Just when the Sound Transit bureaucrats thought an apology would excuse them for violating public disclosure rules by giving personal email addresses to the campaign pushing their $54 billion dollar tax grab, the agency was hit with its second Public Disclosure Commission (PDC) complaint of the year. And apologies might not matter much if the PDC does an appropriate investigation.
As Shift reported earlier this week, the region’s light-rail agency was forced to publicly admit that it gave about 173,000 email addresses of its regular users to its favorite campaign, the one trying to fund its bloated 25-year plan known as ST3.
Now the Seattle Times is reporting that their original story [http://www.seattletimes.com/seattle-news/politics/sound-transit-improperly-gave-173000-orca-cardholders-info-to-ballot-measure-promoters/] has generated a formal complaint to the PDC by a Tacoma activist who was unimpressed by Sound Transit’s apology.
As the Times’ Lewis Kamb writes “In his complaint, (Conner) Edwards noted Sound Transit’s explanation that the release was a mistake is “simply not conceivable” because public agencies routinely respond to records requests and devote staff and attorneys to review them. ‘It is far more likely that they intentionally did not apply the exemption so as to benefit the ‘Mass Transit Now’ campaign,’ Edwards wrote.”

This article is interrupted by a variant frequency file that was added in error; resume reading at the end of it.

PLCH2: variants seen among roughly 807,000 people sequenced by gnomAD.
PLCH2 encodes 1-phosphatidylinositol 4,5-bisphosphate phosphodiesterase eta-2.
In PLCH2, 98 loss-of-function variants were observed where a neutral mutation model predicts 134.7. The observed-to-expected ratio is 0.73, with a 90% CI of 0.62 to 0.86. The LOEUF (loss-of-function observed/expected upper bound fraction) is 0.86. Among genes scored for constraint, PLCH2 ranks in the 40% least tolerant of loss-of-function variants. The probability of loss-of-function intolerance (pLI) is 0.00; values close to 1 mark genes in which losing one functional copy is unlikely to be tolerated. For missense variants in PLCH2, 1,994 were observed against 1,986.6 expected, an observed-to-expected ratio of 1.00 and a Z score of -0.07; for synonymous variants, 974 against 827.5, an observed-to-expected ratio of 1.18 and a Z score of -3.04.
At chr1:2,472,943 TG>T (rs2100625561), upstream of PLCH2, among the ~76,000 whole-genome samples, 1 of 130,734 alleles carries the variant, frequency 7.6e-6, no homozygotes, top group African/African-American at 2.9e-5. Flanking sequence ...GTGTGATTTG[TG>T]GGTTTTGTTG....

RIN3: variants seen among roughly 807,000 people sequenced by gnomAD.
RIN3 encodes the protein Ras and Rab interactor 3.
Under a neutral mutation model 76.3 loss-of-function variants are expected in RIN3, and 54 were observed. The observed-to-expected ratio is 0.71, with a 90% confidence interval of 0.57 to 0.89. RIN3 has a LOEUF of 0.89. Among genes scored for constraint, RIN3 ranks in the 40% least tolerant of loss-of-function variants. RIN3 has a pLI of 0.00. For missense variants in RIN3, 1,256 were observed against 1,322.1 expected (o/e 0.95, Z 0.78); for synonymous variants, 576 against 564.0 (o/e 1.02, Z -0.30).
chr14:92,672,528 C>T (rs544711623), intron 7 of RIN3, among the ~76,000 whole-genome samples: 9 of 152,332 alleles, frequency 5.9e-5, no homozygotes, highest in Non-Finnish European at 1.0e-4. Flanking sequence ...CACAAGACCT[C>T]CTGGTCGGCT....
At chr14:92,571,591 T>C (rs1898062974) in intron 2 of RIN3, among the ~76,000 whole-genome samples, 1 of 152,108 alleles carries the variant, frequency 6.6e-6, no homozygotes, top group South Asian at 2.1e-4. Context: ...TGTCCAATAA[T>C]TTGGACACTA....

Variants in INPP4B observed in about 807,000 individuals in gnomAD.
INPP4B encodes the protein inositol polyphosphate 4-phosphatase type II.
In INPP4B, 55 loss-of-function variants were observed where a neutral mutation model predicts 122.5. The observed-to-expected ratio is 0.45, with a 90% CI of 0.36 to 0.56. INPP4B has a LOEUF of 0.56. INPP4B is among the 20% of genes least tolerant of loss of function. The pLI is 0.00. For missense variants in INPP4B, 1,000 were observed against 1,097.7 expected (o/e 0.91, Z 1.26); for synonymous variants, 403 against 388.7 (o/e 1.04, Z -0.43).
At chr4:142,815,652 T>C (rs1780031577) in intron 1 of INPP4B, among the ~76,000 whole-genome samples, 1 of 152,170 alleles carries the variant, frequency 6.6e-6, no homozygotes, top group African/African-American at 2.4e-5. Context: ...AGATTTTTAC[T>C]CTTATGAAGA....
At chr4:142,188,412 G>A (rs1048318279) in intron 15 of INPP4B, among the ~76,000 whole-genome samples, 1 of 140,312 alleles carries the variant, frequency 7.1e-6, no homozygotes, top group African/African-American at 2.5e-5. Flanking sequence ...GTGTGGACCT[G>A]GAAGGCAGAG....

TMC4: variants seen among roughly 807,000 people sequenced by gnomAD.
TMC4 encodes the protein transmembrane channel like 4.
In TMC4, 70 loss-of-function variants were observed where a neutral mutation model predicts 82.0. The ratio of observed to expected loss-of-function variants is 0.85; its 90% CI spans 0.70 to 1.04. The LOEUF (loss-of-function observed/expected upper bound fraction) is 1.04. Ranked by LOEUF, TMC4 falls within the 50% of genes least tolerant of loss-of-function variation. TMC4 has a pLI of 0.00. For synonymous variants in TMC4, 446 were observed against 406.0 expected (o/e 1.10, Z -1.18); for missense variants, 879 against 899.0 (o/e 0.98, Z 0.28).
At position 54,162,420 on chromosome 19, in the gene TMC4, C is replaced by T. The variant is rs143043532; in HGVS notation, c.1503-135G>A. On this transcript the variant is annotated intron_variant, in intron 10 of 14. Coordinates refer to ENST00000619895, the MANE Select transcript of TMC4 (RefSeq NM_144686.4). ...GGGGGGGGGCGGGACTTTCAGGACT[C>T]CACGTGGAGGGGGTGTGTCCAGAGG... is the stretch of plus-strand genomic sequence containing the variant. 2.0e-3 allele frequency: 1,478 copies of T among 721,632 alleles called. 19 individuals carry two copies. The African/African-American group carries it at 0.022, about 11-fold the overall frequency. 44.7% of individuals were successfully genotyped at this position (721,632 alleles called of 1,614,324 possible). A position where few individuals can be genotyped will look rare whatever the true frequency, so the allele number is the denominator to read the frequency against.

This matters, because as Kamb points out, “Washington elections law prohibits governments from spending public funds or using other public resources to promote political campaigns.”
It is also the second time this year that Sound Transit officials have been caught with the hand in the taxpayer-money cookie jar, according to the election watchdogs:
“The PDC review of Edwards’ complaint is the agency’s second active investigation of allegations that Sound Transit broke election law by taking actions that benefit the pro-ST3 campaign, PDC spokeswoman Lori Anderson said Thursday.
“The agency is also separately reviewing a complaint filed this year by ex-lawmaker-turned-political gadfly Will Knedlik, who, among other issues, has questioned a public-outreach survey distributed by Sound Transit this year that sought feedback gauging why people would be willing to vote for the ballot measure.”
The lack of oversight by an elected board of directors is very apparent in this latest Sound Transit scandal. As Kamb depressingly, and perhaps predictably, reported “Earlier this week, a spokesman for King County Executive Dow Constantine, who chairs the Sound Transit directors’ board, said agency CEO Peter Rogoff has assured Constantine that the disclosure of ORCA email information was a mistake that won’t happen again. Constantine didn’t plan to investigate the matter further, spokesman Alex Fryer added.”
After all, why would Constantine actually investigate Sound Transit wrongdoing that happened under his watch, when the bureaucrats were trying to help a campaign which he supports to succeed?
It remains to be seen whether either one of the PDC investigations will result in a ruling before the election on whether Sound Transit’s tendency to try and help out its campaign supporters with public money is appropriate. It would certainly add just another reason for suspicious voters to say “no” to the $54 billion dollar plan.